It may appear apparent that exactly what they will do is incorrect. After all, it is illegal. But there are many things that have been unlawful that people do not believe are morally incorrect. Same-sex relationships, divorce and lots of other practices that are now extensively accepted as ethically appropriate were once forbidden and criminally sanctioned.
Couple of individuals believe they were wrong simply before they were legalised. Rather, they tend to believe the laws governing these behaviours were unjust. So appeal just to the illegality of downloading does not settle whether it is okay, ethically speaking.
Two competing camps dominate public discussion around the ethics of unlawful downloading. On the one hand, there are exactly what may be called fundamentalist libertarians. These think that all concepts and artistic production need to be held in typical and be easily accessible to all.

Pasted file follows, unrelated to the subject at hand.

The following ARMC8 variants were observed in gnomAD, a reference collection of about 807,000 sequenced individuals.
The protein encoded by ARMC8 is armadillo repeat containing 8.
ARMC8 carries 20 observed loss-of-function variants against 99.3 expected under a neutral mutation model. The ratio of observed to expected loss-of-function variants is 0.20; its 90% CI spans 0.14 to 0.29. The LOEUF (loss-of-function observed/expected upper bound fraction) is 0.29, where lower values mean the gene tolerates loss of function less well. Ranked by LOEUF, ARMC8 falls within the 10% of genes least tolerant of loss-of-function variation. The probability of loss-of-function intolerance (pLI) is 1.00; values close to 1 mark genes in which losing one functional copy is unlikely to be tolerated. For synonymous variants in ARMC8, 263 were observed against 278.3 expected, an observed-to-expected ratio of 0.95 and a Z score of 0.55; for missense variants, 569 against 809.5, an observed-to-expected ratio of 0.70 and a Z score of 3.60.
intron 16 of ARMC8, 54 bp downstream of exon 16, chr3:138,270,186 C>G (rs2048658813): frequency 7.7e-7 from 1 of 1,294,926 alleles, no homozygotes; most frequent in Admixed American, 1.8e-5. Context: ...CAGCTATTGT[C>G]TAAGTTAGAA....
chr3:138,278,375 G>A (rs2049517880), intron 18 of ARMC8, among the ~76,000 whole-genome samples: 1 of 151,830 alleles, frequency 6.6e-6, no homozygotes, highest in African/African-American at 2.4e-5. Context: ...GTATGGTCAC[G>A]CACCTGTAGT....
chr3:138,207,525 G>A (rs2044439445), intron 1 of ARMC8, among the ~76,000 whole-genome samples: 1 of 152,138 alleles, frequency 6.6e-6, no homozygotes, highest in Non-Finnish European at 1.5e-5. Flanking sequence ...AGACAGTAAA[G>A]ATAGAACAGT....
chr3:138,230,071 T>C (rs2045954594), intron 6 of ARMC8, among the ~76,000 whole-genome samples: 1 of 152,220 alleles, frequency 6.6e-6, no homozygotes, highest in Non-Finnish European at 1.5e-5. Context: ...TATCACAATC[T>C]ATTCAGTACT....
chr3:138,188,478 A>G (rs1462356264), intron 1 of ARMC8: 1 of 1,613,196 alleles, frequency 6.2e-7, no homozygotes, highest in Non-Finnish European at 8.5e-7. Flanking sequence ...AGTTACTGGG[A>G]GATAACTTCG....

In their view, intellectual property, in the formthrough copyright and patents, unjustly restricts access to ideas and expression. They consider prohibited downloading to be victimless crime, and do not think it imposes considerable cost on anybody. In their view, the major criminal sanctions that sometimes connect to prohibited downloading are severe and unjustified.
On the other hand, there are what might be called the fundamentalist protectors. This camp thinks that prohibited downloading is comparable to common theft.
This view is clearly revealed in the aggressive message that often precedes movies in Australia:
You wouldnt steal a car, you wouldnt steal a bag, you wouldnt take a tv, you wouldnt take a film. Downloading pirated movies is taking.… read more